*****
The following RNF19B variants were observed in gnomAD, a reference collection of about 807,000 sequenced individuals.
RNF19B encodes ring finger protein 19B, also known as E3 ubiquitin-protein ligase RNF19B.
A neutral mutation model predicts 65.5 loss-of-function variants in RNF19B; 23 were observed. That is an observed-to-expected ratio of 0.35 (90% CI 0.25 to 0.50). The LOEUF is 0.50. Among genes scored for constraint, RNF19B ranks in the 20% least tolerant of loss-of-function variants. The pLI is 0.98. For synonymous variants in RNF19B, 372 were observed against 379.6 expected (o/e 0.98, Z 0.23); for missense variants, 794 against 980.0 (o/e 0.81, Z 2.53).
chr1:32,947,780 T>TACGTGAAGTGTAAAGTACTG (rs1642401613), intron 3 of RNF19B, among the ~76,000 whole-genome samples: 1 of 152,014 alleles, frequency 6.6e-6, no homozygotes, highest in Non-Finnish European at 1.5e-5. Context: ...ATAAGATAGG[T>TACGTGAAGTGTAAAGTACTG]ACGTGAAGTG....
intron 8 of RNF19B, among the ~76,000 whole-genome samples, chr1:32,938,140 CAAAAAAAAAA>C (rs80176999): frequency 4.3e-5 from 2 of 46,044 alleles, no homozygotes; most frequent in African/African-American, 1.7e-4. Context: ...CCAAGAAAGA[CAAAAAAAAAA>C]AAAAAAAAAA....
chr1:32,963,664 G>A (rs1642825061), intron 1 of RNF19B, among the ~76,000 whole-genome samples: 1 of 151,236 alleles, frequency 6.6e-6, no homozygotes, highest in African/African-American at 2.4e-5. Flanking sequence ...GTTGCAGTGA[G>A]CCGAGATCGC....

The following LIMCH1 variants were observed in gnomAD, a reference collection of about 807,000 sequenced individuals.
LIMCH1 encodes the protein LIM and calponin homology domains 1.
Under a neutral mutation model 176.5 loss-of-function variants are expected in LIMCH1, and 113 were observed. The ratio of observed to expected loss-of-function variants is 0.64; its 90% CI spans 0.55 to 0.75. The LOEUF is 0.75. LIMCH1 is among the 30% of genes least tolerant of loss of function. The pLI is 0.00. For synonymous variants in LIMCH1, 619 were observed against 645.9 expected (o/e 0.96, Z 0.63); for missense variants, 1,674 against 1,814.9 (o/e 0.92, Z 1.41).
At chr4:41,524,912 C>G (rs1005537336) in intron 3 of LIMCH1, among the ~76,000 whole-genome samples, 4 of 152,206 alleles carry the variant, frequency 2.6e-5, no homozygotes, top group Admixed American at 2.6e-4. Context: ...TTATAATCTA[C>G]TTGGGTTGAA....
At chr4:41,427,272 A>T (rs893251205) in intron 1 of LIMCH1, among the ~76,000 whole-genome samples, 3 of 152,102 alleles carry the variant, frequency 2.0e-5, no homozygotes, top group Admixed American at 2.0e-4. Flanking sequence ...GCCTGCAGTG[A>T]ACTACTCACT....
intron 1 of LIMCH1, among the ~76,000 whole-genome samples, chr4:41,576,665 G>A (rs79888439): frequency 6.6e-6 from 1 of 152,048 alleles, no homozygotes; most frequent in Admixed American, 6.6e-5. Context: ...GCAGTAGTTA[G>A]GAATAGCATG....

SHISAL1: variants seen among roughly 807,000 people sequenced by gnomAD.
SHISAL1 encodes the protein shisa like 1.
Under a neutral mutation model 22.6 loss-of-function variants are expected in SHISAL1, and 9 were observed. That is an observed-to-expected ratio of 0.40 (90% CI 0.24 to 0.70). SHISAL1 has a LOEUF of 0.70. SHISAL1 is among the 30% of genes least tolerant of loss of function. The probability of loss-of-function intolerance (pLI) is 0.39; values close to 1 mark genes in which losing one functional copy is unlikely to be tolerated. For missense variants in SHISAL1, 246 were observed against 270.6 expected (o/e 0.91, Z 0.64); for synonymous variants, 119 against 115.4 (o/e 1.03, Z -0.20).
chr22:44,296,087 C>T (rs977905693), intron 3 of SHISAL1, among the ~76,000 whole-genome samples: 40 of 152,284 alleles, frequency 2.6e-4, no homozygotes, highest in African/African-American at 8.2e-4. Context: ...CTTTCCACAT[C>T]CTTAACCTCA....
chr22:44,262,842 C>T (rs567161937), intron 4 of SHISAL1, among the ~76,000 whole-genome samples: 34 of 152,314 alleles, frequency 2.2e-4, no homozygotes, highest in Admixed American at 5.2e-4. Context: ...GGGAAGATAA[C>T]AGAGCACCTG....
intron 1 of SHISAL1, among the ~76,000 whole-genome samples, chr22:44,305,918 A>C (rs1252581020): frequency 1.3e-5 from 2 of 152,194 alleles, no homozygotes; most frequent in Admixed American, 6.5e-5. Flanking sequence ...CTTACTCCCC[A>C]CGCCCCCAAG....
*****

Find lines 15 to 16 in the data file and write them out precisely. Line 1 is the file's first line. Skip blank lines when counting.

Under a neutral mutation model 22.6 loss-of-function variants are expected in SHISAL1, and 9 were observed. That is an observed-to-expected ratio of 0.40 (90% CI 0.24 to 0.70). SHISAL1 has a LOEUF of 0.70. SHISAL1 is among the 30% of genes least tolerant of loss of function. The probability of loss-of-function intolerance (pLI) is 0.39; values close to 1 mark genes in which losing one functional copy is unlikely to be tolerated. For missense variants in SHISAL1, 246 were observed against 270.6 expected (o/e 0.91, Z 0.64); for synonymous variants, 119 against 115.4 (o/e 1.03, Z -0.20).
chr22:44,296,087 C>T (rs977905693), intron 3 of SHISAL1, among the ~76,000 whole-genome samples: 40 of 152,284 alleles, frequency 2.6e-4, no homozygotes, highest in African/African-American at 8.2e-4. Context: ...CTTTCCACAT[C>T]CTTAACCTCA....